Lobo, Father Anthony Francis, S.S.

2001, September 24

Date of Birth: 1936, September 20

Anthony Francis Lobo passed into eternal life of an apparent heart attack at Assumption Seminary in San Antonio, Texas on September 24, 2001. Tony is survived by three sisters and a brother.

Born on September 20, 1936 in Sukkur, Pakistan, Tony was the son of Angelo and Winnifred Ann (Pereira) Lobo. His elementary and high school educations took place at St. Patrick’s School in Karachi, Pakistan. Tony held many degrees including: an M.A. from the University of Karachi; an M.Ed. from the University of London in England in 1956; an M.A. from the University of Bonn in Germany and an M.A. in 1964 and Ph.D. in Education in 1970 from Columbia University, New York as well as an S.T.M. from St. Mary’s Seminary in Baltimore, Maryland in 1970.

Tony was ordained a priest for the Archdiocese of Baltimore on May 16, 1970. He was admitted to the Society of St. Sulpice in 1975.

His first Sulpician assignment was at St. Mary’s Seminary & University in Baltimore, Maryland, where he was a faculty member and Dean of Students from 1970-1974. Assigned to Theological College in Washington, D.C., he was Director of Pastoral Programs from 1974-1976 and then Rector from 1976-1982.

Tony was assigned as the Province’s Director of Formation and Personnel Services in Baltimore, Maryland from 1983-1991. He held a two-year assignment as Director of St. Mary’s Spiritual Center in Baltimore 1991-1993. He moved west as a faculty member at St. John’s Seminary College in Camarillo, California from 1993-1997, and moved on to St. John Vianney’s Discernment Program in San Francisco until 1999. His last assignment was multi-faceted: at the Office for Priests, Archdiocese of San Antonio; Field Education for Oblate School of Theology and Spiritual Direction at Assumption Seminary, all in San Antonio, Texas.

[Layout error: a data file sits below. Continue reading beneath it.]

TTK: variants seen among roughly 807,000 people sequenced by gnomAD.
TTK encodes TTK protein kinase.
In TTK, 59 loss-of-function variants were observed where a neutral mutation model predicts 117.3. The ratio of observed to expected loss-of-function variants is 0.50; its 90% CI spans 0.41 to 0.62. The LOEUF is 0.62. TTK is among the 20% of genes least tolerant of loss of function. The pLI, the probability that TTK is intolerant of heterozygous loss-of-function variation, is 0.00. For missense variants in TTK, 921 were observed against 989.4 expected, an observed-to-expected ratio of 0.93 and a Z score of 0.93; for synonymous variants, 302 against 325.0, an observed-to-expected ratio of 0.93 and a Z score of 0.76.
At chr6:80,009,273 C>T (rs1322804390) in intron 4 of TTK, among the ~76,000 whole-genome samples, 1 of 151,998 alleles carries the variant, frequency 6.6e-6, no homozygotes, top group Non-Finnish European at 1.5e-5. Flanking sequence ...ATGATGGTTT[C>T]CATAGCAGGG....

How does one summarize a life of 65 years, especially one that was so filled with diverse and exotic experiences as Tony’s? He was an exacting person. He would say in his delightful Oxford laced Pakistani accent, “Make it very good and to the point --- or else...!”

The main details of his life are found in the opening paragraphs of this obituary. But in all honesty, Tony’s life was so filled with variety – the number of degrees he earned, the number of positions held, the number of ministries he undertook – that it would take a small book to retell it all. In Tony’s room at Assumption Seminary in San Antonio was a wall-hanging which defined friendship.